Juan Williams, that well-known conservative, explains the auto bailout:
Well, I hate to be Ebenezer Scrooge about this, but you know what? I don’t think people are mad at the unions. I think they’re mad at the people who have been running these auto companies and running them into a ditch, Bill.I think that they’ve been running them badly and that’s why most Americans think that this bailout is a mistake. They think it’s a mistake to reward failure.
And the sympathy goes out, of course, to the workers who would be losing jobs and then there comes the political reality, which is that the economy is in trouble and if you have — I think the big three employ 150,000 people. If you have that many people put in danger, plus all the suppliers and auto dealers down the line, you have a problem. But the thing is if you are going to do this, and I think this is the argument the Republicans on the Hill are making, who is representing the taxpayer? Why are you and I paying for this bailout and is it, as some have said, a bridge loan to nowhere? Because what happens in three months?
You say the car czar was there and he could’ve started these negotiations. Why do you think the UAW would’ve been any more amenable to the car czar, knowing that Barack Obama is coming, and Barack Obama has had tremendous support from the unions. He’s going to do everything he can for the unions.
He is in line with not only Debbie Stabenow, but Jennifer Granholm and all the politicians in Detroit, in Michigan. So I think that right now, it’s a setup for the auto companies to get what they want. Everybody’s going to say, “You know what? We had to do it to save the economy.” What are they going to say when state governments show up at the door and say, “We want some of that bailout money, too?” What about transit companies? I mean, everybody is going to say, “We want a piece of the pie.” Every lobbyist in town is after that money.
Williams isn’t a conservative, of course, but neither is he caught in the wave of fear that seems to have gripped President Bush and his advisors. They seem to be convinced that by resisting the pleas to give the Big Three funds without significant restructuring requirements they will worsen their historical legacy. It is simply bad policy to let the Big Three and the U.A.W. off the hook — and ultimately fatal to the chances of the latter’s members for long-term employment. Indeed it’s a bad deal for everyone (taxpayers, the Big Three and their employees.)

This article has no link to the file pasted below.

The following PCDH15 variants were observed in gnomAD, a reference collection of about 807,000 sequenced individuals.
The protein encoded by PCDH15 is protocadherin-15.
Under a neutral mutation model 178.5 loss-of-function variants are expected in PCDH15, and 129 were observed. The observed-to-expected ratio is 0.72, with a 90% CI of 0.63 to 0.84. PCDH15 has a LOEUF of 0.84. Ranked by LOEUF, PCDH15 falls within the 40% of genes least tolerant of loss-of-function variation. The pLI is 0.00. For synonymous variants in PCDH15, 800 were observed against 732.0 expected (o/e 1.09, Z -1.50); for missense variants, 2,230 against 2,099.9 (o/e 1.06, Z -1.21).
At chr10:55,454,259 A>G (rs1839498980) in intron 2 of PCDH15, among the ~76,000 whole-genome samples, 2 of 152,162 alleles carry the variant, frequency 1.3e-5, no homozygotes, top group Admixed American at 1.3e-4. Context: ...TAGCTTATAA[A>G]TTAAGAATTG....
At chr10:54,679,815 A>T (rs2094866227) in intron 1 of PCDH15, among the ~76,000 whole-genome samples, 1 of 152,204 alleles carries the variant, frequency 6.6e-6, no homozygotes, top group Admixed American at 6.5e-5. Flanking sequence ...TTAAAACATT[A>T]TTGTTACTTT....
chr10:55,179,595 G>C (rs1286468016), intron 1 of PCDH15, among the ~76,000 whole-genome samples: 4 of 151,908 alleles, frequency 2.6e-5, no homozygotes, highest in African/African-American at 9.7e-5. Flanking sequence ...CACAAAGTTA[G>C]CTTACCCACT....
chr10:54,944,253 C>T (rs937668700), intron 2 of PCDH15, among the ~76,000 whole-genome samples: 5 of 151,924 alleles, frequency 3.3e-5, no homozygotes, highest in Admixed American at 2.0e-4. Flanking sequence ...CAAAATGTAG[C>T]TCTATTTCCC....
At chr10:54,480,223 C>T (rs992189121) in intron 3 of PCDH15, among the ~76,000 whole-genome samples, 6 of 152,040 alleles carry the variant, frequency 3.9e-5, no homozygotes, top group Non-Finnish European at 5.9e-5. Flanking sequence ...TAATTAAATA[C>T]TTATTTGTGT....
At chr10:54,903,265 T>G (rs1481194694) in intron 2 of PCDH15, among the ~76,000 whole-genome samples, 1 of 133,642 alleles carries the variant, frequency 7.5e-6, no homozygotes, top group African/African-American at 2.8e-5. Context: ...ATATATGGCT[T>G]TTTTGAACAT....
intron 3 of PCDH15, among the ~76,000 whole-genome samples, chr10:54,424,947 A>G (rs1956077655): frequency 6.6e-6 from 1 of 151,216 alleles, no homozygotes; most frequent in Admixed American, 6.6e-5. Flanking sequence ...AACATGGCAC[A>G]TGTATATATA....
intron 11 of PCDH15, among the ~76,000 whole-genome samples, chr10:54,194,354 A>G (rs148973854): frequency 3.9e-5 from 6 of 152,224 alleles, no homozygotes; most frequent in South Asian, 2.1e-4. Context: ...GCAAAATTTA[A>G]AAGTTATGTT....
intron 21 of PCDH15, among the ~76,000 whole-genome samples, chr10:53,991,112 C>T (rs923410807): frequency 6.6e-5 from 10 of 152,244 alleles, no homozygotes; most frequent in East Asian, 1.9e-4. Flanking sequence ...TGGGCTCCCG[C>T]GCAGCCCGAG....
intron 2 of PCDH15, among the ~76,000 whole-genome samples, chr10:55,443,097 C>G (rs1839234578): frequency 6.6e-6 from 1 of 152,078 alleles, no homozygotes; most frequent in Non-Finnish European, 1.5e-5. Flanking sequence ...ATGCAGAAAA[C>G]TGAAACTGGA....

Williams is right: the window of opportunity to do the right thing is closing. The Bush administration is said to be looking at all the options, including a prepackaged bankruptcy plan. That, or something approximating the Corker Plan, would be a smart move and spare Bush from earning the moniker The President Who Nationalized the Auto Industry.
Contrary to what is said by Democrats, much of the media, and UAW-apologists, the Republicans didn’t crush the bailout bill because they are mean or indifferent. They didn’t do it to dance on the grave of the U.S. auto industry. They did it because, as just about anyone who has looked at this rationally has been telling us, it is utterly counterproductive to give the Big Three more money without insisting on their prompt and dramatic restructuring. Absent that, the Big Three (or however many survive) will become perpetual corporate welfare recipients.
Perhaps the White House and Treasury officials looking over this have that concern in mind and are working on a meaningful plan. (The fact that they didn’t immediate fork over TARP funds is a hopeful sign.) But if instead the Bush administration gives billions away without a real requirement for the car companies to align their costs with foreign owned competitors, we’ll look back on this opportunity and wonder why no one had the nerve to practice some tough love.